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AB0699 Contribution of Extra-Articular Manifestations to the Burden of Disease in Ankylosing Spondylitis. A Longitudinal Study
  1. I. Essers1,
  2. S. Ramiro2,3,
  3. C. Stolwijk1,
  4. M. Blaauw4,
  5. R. Landewé2,5,
  6. D. van der Heijde6,
  7. F. van den Bosch7,
  8. M. Dougados8,
  9. A. van Tubergen1
  1. 1Rheumatology, MUMC and CAPHRI, Maastricht
  2. 2Amsterdam Rheumatology Center, Amsterdam, Netherlands
  3. 3Rheumatology, Hospital Garcia de Orta, Almada, Portugal
  4. 4Internal Medicine, Catharina Hospital, Eindhoven
  5. 5Rheumatology, Atrium Medical Center, Heerlen
  6. 6Rheumatology, LUMC, Leiden, Netherlands
  7. 7Rheumatology, Ghent university hospital, Ghent, Belgium
  8. 8Rheumatology, Paris-Descartes University, Cochin Hospital, Paris, France

Abstract

Background Extra-articular manifestations (EAMs), such as acute anterior uveitis (AAU), inflammatory bowel disease (IBD), and psoriasis contribute to the burden of the disease in patients with ankylosing spondylitis (AS).

Objectives To assess whether the presence of EAM is associated with more functional disability, quality of life (QoL), and radiographic damage in patients with AS over time.

Methods Twelve-year follow-up data from all patients included in the Outcome in Ankylosing Spondylitis International Study (OASIS) were used. The presence of EAMs was extracted from medical charts by two independent extractors. Function was assessed by the Bath AS Functional Index (BASFI). QoL was assessed by the Short Form-36 (SF-36), ASQoL and the EuroQoL. Radiographic damage was assessed by the modified Stoke AS Spinal Score (mSASSS). Univariable and multivariable generalized estimating equations (GEE) analyses were performed to assess whether prevalent and incident EAMs, respectively, were associated with function, QoL, and radiographic damage over time. Patients with a prevalent EAM were excluded from the analysis involving incident EAMs.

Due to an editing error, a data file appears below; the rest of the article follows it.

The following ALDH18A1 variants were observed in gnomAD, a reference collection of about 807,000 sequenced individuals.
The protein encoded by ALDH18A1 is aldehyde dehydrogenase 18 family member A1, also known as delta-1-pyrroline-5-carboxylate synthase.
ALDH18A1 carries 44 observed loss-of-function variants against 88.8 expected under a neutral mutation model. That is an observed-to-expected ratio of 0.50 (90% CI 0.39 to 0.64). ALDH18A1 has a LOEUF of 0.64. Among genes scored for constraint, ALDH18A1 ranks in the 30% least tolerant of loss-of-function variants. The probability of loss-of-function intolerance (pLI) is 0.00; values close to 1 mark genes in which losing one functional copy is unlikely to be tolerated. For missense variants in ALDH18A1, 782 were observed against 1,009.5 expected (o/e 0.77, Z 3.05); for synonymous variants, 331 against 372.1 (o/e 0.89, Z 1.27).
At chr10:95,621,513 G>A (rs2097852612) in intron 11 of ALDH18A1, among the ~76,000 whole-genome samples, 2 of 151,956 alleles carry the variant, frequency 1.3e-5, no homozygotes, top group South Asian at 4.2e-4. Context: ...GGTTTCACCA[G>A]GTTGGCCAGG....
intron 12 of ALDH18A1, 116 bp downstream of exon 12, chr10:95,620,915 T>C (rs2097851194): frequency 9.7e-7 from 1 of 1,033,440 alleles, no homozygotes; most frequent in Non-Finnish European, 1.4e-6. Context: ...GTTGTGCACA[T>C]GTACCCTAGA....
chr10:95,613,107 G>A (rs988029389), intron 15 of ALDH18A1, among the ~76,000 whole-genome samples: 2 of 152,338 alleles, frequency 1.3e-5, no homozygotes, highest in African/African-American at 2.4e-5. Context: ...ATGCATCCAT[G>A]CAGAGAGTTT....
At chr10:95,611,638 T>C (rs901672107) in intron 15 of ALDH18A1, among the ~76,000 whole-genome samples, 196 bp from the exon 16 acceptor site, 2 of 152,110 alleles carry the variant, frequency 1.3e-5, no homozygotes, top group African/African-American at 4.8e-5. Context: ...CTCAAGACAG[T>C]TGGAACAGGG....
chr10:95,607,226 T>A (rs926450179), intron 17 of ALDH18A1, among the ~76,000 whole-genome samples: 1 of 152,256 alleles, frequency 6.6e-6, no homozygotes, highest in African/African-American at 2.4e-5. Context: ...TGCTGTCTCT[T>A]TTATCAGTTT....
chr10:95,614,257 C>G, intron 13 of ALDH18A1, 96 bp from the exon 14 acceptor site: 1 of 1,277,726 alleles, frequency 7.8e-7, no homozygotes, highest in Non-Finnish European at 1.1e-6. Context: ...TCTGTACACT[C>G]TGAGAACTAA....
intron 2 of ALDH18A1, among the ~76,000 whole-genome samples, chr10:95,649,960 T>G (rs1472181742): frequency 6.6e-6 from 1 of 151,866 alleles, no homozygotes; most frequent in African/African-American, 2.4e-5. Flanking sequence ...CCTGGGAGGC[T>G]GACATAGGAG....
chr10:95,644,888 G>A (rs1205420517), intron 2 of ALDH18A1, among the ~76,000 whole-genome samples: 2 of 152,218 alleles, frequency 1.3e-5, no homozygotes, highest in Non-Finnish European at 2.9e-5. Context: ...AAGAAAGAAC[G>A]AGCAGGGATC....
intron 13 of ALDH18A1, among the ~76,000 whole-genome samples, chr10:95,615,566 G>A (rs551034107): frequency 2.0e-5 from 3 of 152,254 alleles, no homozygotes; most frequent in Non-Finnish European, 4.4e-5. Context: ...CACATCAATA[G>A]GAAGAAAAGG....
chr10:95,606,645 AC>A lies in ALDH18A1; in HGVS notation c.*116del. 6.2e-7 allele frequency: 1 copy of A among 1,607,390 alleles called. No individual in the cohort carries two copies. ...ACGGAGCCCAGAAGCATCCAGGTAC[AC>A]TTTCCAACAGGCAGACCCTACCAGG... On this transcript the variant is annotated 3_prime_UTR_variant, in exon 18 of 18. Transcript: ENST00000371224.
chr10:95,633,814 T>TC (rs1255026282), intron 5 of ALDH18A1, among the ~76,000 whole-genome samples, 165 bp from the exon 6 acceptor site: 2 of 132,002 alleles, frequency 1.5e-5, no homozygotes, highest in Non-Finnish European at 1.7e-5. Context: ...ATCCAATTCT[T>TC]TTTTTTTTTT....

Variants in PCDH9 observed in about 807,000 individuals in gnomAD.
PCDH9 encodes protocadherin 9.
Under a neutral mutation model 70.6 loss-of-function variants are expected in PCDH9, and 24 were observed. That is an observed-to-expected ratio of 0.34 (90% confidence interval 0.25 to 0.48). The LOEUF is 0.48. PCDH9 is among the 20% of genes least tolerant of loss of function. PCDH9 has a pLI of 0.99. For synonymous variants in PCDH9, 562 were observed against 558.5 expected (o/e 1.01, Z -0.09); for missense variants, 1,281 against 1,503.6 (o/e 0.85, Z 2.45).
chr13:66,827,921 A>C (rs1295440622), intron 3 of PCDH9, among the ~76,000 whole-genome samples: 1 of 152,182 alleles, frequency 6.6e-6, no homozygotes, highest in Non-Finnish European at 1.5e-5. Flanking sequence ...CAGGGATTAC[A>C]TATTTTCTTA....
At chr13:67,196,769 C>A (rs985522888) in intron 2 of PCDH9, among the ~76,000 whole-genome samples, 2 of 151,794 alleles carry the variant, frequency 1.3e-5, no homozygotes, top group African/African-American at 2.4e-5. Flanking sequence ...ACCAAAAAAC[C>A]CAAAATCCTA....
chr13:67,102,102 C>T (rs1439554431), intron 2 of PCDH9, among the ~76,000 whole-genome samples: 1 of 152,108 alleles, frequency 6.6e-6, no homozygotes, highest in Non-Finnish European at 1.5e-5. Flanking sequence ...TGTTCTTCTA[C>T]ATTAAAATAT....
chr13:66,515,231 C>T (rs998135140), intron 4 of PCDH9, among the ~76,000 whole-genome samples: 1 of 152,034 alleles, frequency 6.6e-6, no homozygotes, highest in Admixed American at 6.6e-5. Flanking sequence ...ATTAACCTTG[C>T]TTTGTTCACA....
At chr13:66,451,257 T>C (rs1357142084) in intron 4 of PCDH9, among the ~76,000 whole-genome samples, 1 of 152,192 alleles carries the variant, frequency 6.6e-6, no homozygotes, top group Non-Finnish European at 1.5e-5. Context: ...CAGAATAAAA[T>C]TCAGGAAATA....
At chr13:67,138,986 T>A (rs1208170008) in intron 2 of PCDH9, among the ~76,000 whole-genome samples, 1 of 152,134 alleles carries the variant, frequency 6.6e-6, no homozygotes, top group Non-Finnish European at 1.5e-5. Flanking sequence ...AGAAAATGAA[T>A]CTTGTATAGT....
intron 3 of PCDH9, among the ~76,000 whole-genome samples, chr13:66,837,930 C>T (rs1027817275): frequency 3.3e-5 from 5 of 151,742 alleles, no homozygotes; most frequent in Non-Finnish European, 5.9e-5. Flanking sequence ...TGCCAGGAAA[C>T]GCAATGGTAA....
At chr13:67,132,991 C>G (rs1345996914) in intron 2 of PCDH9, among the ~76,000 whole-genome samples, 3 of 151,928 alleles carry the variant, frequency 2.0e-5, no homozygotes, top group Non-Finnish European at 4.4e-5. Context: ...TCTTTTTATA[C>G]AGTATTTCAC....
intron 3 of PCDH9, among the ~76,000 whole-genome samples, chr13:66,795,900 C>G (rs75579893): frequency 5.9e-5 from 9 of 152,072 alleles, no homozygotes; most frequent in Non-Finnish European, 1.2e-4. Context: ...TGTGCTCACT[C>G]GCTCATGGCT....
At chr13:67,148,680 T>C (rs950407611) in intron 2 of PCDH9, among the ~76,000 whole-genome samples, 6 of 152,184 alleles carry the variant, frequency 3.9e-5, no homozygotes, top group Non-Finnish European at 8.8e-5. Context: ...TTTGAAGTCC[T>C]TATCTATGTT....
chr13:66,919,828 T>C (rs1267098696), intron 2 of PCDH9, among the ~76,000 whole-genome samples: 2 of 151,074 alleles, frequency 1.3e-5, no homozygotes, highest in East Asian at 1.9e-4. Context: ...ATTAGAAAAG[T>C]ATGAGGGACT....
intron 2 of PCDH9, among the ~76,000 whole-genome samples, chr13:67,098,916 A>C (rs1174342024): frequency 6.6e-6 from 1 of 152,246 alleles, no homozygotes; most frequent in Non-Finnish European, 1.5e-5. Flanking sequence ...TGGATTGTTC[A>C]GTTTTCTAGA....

Results 216 Patients were included (154 (71%) men, mean age 43.6 years (SD 12.7), mean symptom duration 20.5 years (SD 11.7), and mean follow-up 8.3 years (SD 4.3). At baseline, 39 (18%) patients had AAU, 15 (7%) IBD, and 9 (4%) psoriasis (prevalent cases). During follow up, 19 patients developed AAU, 9 IBD, and 5 psoriasis (incident cases). Psoriasis was not taken into account in further analyses, because of a low prevalence and incidence in this cohort. Prevalent AAU was univariably associated with worse mSASSS (B=7.19, 95% Confidence Interval [95% CI] 0.19 to 14.19, p=0.04), and worse SF-36 mental component (B=3.45, 95% CI 0.23 to 6.77, p=0.04) over time, but in a multivariable model these associations disappeared (B=1.22, 95% CI -3.81 to 6.26, p=0.64; and B=2.94, 95% CI -0.63 to 6.61, p=0.11, respectively). Prevalent IBD was not associated with clinical outcomes over time. Incident AAU also was not associated with the clinical outcomes over time. Incident IBD showed a trend towards worse function (BASFI) over time in a univariable model (B=1.84, 95% CI -0.10 to 3.78, p=0.06), and also in a multivariable model (B=1.40, 95% CI 0.05 to 3.60, p=0.06).

Conclusions The presence of AAU and IBD at baseline was not associated with a worse course of QoL or radiographic damage over time. However, patients with new-onset IBD tended to have more functional disability over time in comparison with patients who do not develop IBD.

Disclosure of Interest None declared

DOI 10.1136/annrheumdis-2014-eular.1873

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